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Women in baby-selling scheme to serve prison time

An attorney who was part of a group that orchestrated what prosecutors said was a baby-selling scheme is scheduled to be sentenced Friday at the federal courthouse in downtown San Diego.
Women in baby-selling scheme to serve prison time

SAN DIEGO (CNS) - Two women who orchestrated a scheme to sell babies for $100,000 each but failed to find parents for all of them were sentenced Friday to five months each in federal prison.

Theresa Erickson, a former Poway attorney who specialized in reproductive law, was also placed on nine months of home confinement and three years probation and fined $70,000 by U.S. District Court Judge Anthony Battaglia.

The 44-year-old pleaded guilty last year to wire fraud.

A Las Vegas nurse, Carla Chambers, will have to spend seven months at home after she gets out of prison and will serve three years probation.

Hilary Neiman, a Maryland lawyer, was sentenced in December to the same term as Chambers.

Assistant U.S. Attorney Michael Merriman said the defendants arranged for women who needed money to become surrogate mothers and sent them to the

Ukraine to be implanted with embryos, then tried to match them up with couples desperate to have children.

The law requires for "gestational carriers" and prospective parents to be matched up before conception, Merriman said. He said parents had not been found for all the babies the defendants produced.

"The defendants took advantage of the victims when they were most vulnerable," Merriman said.

The surrogate mothers needed money, the couples wanted children and now the babies don't have families, he said.

The judge told Erickson that he was "offended" that she would engage in such activity.

"You put in motion a parade of tragedy," Battaglia said.

The lawyer apologized to the victims and acknowledged that she disgraced her family, friends and profession.

"I know I have done horribly wrong," Erickson said. "For many years I let my judgment be clouded, by ego or otherwise."

Chambers also apologized.

The baby-selling scheme operated from 2005 to last year and involved at least 11 infants, according to court records.

THIS IS A STORY UPDATE. For an earlier version, read below.

SAN DIEGO (AP) — Theresa Erickson's reputation as a leading reproductive law specialist eased the concerns of surrogate mothers and intended parents.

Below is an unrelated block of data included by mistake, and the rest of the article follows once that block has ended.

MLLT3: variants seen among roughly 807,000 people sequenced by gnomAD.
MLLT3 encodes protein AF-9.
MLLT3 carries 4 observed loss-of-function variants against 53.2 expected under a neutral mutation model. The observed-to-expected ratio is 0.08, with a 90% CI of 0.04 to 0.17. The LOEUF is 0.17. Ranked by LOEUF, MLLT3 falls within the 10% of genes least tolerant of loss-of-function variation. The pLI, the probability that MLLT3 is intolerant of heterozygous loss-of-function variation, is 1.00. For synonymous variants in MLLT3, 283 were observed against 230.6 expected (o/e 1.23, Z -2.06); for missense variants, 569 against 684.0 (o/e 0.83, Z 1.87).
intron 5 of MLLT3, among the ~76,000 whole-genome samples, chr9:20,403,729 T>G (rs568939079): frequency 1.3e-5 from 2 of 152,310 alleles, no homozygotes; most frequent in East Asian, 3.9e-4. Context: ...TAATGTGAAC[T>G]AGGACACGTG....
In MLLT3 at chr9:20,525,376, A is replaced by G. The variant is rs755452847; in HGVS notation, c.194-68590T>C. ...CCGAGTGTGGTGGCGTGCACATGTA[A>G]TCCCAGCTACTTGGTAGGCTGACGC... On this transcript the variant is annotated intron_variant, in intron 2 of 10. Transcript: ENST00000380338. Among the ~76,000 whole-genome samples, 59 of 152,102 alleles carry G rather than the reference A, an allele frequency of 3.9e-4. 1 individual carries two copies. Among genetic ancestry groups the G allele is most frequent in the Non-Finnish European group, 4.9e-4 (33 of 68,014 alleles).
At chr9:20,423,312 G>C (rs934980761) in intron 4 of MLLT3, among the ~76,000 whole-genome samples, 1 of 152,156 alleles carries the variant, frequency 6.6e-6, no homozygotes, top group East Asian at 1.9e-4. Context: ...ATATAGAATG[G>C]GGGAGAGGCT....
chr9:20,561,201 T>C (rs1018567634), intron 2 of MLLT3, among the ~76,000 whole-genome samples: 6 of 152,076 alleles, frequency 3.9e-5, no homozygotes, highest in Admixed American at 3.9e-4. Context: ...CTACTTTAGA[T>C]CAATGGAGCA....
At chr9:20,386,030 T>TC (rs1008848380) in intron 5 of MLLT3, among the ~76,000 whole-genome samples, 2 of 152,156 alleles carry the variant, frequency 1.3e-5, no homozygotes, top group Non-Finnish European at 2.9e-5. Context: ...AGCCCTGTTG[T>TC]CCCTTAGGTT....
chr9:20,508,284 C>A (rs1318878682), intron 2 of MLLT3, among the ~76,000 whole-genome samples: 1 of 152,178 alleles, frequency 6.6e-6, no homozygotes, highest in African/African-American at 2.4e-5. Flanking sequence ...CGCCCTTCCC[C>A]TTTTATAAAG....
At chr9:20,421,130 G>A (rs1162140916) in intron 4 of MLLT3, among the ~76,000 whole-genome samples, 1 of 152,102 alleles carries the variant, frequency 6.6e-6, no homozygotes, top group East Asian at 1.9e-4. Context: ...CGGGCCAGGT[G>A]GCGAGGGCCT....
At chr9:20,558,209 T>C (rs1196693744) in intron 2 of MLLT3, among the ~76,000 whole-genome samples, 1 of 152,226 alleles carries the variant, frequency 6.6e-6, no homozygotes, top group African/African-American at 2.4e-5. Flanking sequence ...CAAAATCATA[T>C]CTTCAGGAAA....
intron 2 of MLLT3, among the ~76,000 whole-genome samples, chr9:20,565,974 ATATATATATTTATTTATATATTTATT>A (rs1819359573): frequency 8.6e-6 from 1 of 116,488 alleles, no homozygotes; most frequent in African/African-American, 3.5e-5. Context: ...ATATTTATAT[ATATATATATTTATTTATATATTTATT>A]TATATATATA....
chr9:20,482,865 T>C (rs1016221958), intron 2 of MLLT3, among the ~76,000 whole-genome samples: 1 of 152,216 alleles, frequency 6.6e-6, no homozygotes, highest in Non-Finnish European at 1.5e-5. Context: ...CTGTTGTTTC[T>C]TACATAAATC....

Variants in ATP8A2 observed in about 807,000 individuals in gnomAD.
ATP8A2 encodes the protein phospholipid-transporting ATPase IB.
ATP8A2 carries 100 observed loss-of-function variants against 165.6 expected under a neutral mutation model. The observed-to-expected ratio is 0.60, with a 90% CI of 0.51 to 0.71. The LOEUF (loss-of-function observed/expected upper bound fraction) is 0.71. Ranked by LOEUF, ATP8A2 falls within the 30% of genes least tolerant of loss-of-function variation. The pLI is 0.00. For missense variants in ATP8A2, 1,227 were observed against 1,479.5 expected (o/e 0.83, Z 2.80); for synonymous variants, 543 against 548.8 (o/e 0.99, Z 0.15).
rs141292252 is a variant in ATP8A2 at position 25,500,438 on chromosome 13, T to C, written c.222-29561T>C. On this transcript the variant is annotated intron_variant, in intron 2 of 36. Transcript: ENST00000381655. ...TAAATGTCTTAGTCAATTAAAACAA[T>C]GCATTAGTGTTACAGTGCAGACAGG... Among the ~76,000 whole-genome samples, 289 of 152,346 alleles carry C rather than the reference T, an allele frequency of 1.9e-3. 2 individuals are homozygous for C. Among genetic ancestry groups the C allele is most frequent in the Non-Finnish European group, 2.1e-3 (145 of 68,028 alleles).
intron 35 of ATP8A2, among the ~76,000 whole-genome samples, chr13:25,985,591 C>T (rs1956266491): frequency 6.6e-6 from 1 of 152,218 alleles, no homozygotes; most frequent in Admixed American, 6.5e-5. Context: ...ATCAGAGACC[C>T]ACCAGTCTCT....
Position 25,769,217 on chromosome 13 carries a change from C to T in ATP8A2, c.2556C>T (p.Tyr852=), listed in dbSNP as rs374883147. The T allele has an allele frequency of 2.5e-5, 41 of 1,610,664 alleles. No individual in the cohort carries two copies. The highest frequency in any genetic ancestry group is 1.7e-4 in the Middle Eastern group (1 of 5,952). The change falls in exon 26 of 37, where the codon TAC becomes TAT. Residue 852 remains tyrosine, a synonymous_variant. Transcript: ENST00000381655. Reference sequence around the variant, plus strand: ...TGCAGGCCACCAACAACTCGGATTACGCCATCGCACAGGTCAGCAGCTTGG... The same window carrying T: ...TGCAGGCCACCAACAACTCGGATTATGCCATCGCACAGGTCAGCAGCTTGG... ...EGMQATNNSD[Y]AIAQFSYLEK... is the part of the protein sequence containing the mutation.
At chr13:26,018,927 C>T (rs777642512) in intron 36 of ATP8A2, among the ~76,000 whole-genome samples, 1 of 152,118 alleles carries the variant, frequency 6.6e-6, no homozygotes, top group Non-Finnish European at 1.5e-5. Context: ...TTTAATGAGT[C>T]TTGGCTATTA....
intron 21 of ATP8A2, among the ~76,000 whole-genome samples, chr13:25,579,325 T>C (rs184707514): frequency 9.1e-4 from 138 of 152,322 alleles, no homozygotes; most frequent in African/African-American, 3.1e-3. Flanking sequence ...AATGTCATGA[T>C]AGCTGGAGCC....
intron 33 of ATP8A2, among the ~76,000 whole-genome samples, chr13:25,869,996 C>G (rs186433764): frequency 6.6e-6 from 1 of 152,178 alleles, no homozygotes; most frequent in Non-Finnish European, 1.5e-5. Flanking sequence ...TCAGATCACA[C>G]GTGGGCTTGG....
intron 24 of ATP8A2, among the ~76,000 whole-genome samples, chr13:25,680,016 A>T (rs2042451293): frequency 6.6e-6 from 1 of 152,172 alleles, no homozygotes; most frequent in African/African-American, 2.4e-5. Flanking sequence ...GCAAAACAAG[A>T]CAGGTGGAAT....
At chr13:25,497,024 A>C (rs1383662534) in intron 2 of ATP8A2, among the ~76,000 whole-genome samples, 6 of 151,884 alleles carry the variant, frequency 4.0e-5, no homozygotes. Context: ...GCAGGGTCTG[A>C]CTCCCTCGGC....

But prosecutors say being a trusted source also allowed her to lure them into unwittingly helping her build a baby manufacturing business spanning two continents that netted millions.

The 44-year-old attorney is expected to be sentenced Friday at a hearing in federal court in San Diego. She faces up to five years in prison.

Erickson, who authored books and spoke on TV about fertility issues, used California's thriving surrogacy business to find clients that she could convince to pay up to $150,000 for each baby, federal prosecutors say. The parents believed they were adopting legally by entering into an arrangement with a surrogate mother before the pregnancy.

In fact, Erickson working with a surrogate, Carla Chambers, and another respected Maryland attorney, Hilary Neiman, lined up parents for babies they had already created by sending U.S. surrogates to Ukraine to be implanted with sperm and embryos from anonymous donors, prosecutors say.

"These were criminals that were creating human life for sale," said surrogacy attorney Andrew Vorzimer, who represented the surrogates that helped blow the whistle on the scam. "Many people consider this to be a surrogacy arrangement gone awry. But this was not surrogacy in any shape or form."

Vorzimer said no one knows how many babies in total were created, and important genetic information for the infants may have been lost forever. The surrogates were also unaware of the scam, federal prosecutors say.

"They attempted to create the most marketable baby available, which was blond hair, blue-eyed baby, while simultaneously pulling on the heart strings of intended parents," Vorzimer said. "It defies description the immorality that was involved in this ongoing operation that went on for years."